The EC70 Aero bar is a great upgrade in terms of comfort, looks and stiffness, with the only thing possibly counting against it being the price. It's not the most expensive bar out there, though, and the stiffness and the quality of the ride feel are worth the outlay if you have the budget.
Pricey, but a great blend of stiffness and comfort plus great aesthetics
If you're thinking of buying this product using a cashback deal why not use the road.cc Top Cashback page and get some top cashback while helping to support your favourite independent cycling website
road.cc test report
Make and model: Easton EC70 Aero Handlebar
Size tested: 42cm
Tell us what the product is for and who it's aimed at. What do the manufacturers say about it? How does that compare to your own feelings about it?
Easton says, "With the EC70 Aero, you can simultaneously stay comfortable and reduce drag. Thanks to the ergonomic profile and a less radically shaped bend, this handlebar provides more comfort during long days in the saddle. And with Easton's proven Composite TaperWall™ and monocoque construction, the EC70 Aero is nice and light at just 235 grams."
It's a comfortable handlebar, which also offers loads of stiffness.
Tell us some more about the technical aspects of the product?
Finish - Matte UD Carbon, Water Transfer Decals.
Clamp Diameter - 31.8mm.
Width (cm) - 40, 42, 44.
Reach - 80mm.
Drop - 125mm.
Tell us how the product performed overall when used for its designed purpose
Great stiffness levels for riding hard out of the saddle.
Tell us what you particularly liked about the product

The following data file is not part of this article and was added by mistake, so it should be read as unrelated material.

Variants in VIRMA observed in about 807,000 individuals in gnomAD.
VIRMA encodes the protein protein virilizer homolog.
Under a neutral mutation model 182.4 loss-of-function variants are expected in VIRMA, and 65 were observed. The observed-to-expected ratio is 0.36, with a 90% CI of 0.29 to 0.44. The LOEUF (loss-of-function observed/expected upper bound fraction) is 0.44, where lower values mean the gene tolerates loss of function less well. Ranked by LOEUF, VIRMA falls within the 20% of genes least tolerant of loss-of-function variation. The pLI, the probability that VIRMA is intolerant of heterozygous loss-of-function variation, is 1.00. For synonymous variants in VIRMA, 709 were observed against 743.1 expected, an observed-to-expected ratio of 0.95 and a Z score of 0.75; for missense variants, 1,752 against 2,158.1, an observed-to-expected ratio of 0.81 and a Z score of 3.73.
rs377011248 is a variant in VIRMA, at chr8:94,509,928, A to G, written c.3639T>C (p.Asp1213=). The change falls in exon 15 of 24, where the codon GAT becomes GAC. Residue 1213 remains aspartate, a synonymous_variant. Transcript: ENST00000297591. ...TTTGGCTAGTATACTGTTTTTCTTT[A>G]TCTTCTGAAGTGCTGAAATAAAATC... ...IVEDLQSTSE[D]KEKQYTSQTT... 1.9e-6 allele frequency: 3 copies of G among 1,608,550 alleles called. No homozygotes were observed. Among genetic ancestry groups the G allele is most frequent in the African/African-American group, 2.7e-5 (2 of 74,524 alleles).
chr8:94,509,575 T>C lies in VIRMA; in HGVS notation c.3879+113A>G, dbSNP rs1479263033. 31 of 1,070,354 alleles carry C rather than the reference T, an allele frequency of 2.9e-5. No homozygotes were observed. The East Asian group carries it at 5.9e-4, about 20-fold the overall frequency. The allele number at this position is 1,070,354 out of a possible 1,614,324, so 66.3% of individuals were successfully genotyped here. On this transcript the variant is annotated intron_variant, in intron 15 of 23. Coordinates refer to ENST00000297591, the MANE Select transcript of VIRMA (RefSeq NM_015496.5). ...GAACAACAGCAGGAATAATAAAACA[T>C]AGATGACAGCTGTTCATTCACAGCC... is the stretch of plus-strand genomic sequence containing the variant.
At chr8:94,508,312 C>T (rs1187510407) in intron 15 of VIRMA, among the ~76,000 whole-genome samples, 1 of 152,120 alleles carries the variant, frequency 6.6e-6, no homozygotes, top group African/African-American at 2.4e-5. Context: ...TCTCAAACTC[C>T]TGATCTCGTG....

Comfortable top section.
Tell us what you particularly disliked about the product
No hole to work with Di2 junction bar end box.
How does the price compare to that of similar products in the market, including ones recently tested on road.cc?
Looking back at the most recent carbon aero handlebars we've tested, it sits somewhere in the middle ground, as shown by the competition mentioned in the main review.
Did you enjoy using the product? Yes
Would you consider buying the product? Yes
Would you recommend the product to a friend? Yes
Use this box to explain your overall score
It's a very good bar: well made and easy to set up in terms of cable routing, with an impressive level of comfort for such a stiff unit. It's not cheap, but it's by no means the most expensive out there.
About the tester
I usually ride: This month's test bike My best bike is: B'Twin Ultra CF draped in the latest bling test components
I've been riding for: Over 20 years I ride: Every day I would class myself as: Expert
I regularly do the following types of riding: time trialling, commuting, club rides, sportives, fixed/singlespeed,
With 20 years of road cycling and over 150,000 miles in his legs it's safe to say Stu is happiest when on the bike whatever the weather. Since writing his first review for road.cc back in 2009 he has also had a career in engineering including 3D-CAD design and product development, so has a real passion for all of the latest technology coming through in the industry but is also a sucker for a classic steel frame, skinny tyres, rim brakes and a damn good paintjob.
His fascination with gravel bikes is getting out of control too!